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GENERAL ASPECTS

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  • Hemophilia A and hemophilia B are caused by inherited deficiencies of factor VIII and factor IX, respectively.

  • Both result from decreased production of the deficient factor, production of a factor with decreased functional activity, or a combination of these two abnormalities.

  • The activated form of factor IX, factor IXa, is a serine protease that functions to activate factor X.

  • Activated factor VIII, factor VIIIa, serves as a cofactor, forming a complex with factor IXa on the platelet surface and dramatically accelerating the rate of factor X activation by factor IXa.

  • In patients with hemophilia, clot formation is delayed because thrombin generation is markedly decreased. The clot that does form is hemostatically ineffective, leading to excessive bleeding.

  • Because deficiency of either factor VIII or factor IX causes an inability to activate factor X, the clinical characteristics and approach to treatment of hemophilia A and hemophilia B are similar.

  • Both hemophilia A and B are X-linked recessive disorders, affecting only males, with rare exceptions (Fig. 79–1). Approximately 30 percent of mutations arise de novo.

  • Hemophilia is found worldwide in all ethnic groups. Hemophilia A is estimated to occur in 1 of 10,000 male births and hemophilia B in 1 of 25,000 to 30,000 male births.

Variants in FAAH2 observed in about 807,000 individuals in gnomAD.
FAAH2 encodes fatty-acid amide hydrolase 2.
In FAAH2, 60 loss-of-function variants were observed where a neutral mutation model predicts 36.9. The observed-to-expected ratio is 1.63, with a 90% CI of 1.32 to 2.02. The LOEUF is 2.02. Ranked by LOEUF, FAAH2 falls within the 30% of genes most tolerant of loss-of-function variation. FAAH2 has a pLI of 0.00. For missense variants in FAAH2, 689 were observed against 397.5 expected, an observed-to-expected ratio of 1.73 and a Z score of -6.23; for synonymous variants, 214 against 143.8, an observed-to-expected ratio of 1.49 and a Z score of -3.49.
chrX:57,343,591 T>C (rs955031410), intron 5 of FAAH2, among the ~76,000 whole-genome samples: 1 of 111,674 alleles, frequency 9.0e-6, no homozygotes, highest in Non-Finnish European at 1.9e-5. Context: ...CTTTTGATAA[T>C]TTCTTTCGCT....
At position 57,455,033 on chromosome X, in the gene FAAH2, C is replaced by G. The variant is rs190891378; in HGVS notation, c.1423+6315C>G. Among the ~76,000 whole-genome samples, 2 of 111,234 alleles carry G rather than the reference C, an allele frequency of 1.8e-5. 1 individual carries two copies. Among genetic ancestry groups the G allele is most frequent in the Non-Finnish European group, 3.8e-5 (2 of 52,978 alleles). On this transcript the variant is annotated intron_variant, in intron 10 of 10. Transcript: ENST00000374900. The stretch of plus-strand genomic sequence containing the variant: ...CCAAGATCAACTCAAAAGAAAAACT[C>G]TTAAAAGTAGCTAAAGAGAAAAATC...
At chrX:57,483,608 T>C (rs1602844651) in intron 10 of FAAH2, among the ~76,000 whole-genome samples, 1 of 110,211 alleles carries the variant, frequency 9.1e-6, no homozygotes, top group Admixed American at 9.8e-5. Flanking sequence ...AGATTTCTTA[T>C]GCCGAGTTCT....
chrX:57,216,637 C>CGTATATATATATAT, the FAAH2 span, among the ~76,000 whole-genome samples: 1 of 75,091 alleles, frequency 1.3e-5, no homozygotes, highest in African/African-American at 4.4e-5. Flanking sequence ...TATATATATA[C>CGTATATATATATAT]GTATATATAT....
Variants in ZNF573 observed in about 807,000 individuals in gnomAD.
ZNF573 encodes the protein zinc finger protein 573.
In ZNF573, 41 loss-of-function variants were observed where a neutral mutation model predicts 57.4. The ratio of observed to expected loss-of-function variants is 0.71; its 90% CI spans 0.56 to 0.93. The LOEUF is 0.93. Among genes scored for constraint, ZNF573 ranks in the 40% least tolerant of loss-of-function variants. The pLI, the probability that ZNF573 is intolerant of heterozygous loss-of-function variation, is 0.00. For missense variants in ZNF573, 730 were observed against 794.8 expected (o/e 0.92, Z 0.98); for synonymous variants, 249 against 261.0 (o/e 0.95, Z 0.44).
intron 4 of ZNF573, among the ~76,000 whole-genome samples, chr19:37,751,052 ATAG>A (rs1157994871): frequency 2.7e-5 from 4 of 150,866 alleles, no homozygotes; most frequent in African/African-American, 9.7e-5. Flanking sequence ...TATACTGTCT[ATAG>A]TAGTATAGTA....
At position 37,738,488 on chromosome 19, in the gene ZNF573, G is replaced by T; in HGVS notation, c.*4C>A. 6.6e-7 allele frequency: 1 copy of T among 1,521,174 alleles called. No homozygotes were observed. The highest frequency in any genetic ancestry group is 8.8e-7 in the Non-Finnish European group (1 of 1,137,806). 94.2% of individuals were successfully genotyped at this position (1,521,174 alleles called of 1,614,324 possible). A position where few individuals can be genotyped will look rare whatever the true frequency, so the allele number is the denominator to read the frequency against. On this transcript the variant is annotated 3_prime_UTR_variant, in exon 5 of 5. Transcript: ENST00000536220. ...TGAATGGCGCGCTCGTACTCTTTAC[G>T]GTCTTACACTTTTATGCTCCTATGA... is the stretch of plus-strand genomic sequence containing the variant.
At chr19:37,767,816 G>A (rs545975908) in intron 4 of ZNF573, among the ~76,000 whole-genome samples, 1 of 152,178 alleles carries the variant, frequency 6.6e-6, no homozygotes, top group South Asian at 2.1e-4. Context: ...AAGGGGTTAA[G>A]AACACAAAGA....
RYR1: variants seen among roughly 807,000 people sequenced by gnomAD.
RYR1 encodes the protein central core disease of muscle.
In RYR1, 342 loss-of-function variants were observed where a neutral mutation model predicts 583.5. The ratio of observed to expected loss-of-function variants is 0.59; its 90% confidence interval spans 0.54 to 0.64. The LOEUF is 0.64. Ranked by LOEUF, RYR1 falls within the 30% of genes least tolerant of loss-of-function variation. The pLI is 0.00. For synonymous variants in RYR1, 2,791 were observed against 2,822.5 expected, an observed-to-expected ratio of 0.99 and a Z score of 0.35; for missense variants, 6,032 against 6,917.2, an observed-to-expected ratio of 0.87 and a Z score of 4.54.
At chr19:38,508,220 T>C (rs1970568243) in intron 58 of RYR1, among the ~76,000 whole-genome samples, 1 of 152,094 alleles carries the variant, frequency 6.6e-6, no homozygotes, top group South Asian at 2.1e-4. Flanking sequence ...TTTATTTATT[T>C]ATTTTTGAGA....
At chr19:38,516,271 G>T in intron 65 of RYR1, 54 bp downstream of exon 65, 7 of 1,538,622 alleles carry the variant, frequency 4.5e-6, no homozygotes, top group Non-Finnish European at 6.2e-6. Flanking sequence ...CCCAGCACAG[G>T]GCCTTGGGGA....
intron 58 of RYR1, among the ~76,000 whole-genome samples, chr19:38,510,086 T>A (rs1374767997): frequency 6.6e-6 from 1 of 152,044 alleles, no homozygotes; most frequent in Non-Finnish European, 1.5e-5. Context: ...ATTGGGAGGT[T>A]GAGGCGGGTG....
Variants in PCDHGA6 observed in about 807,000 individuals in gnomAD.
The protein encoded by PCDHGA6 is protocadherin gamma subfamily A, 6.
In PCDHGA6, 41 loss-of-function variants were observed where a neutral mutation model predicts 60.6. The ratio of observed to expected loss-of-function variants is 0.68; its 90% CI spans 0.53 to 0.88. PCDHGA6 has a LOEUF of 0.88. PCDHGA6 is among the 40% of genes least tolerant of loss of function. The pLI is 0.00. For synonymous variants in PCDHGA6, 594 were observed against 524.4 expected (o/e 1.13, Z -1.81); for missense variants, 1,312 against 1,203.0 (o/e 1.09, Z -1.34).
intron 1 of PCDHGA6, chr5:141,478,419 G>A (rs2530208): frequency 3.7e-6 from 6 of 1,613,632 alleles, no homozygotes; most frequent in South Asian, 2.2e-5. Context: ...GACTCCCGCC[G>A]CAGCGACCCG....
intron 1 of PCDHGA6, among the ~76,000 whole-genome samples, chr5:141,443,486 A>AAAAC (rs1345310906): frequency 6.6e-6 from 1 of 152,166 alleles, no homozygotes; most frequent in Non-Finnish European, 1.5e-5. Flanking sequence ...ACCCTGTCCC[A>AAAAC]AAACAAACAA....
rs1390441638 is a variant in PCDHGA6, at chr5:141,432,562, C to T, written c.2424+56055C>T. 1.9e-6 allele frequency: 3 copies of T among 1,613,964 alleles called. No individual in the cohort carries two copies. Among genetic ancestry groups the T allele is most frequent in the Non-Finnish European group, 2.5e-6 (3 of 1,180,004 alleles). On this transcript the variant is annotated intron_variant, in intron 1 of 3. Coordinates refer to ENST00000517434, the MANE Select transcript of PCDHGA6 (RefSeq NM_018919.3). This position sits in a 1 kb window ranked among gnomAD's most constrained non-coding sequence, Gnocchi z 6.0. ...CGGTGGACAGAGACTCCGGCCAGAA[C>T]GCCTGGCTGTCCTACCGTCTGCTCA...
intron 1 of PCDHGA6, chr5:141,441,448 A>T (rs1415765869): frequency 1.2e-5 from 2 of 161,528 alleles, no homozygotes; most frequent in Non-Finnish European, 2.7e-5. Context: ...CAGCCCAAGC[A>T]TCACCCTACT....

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FIGURE 79–1

Inheritance pattern of hemophilia A. X is normal; Xh has an abnormal X chromosome with the hemophilic gene; Y is normal; XX is a normal female; XY is a normal male; XXh is a carrier female; XhY is a hemophilic male.

(Source: Williams Hematology, 8th ed, Chap. 124, Fig. 124–1, p. 2010.)

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HEMOPHILIA A

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Clinical Features

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  • Table 79–1 shows a clinical classification of hemophilia A based on factor VIII levels.

  • Hemostasis is generally normal with levels in excess of 30 percent.

  • The factor VIII level remains constant throughout the patient's life, and is similar in other affected members of the kindred, but varies between kindreds.

  • Hemarthrosis accounts for 75 percent of bleeding episodes in patients with severe hemophilia A.

  • The most frequent sites are the knees, followed by the elbows, ankles, shoulders, wrists, and hips.

  • The acute form is characterized by initial mild pain without physical findings, followed by more intense pain, swelling and warmth of the joint, and decreased range of motion.

  • The patient may have mild fever. Significant or sustained fever suggests infection in the joint.

  • When bleeding stops, the blood resorbs and symptoms subside over several days.

  • Repeated bleeding into the joint results in synovial hypertrophy and inflammation, with limitation of motion and a tendency for more frequent bleeding in that joint (target joint).

  • Eventually, repeated hemorrhage into the joints causes destruction of the articular cartilage, synovial hyperplasia, and joint deformity with muscle atrophy and soft tissue contractures (Fig. 79–2).

  • Hematomas may develop after bleeding into muscles or ...

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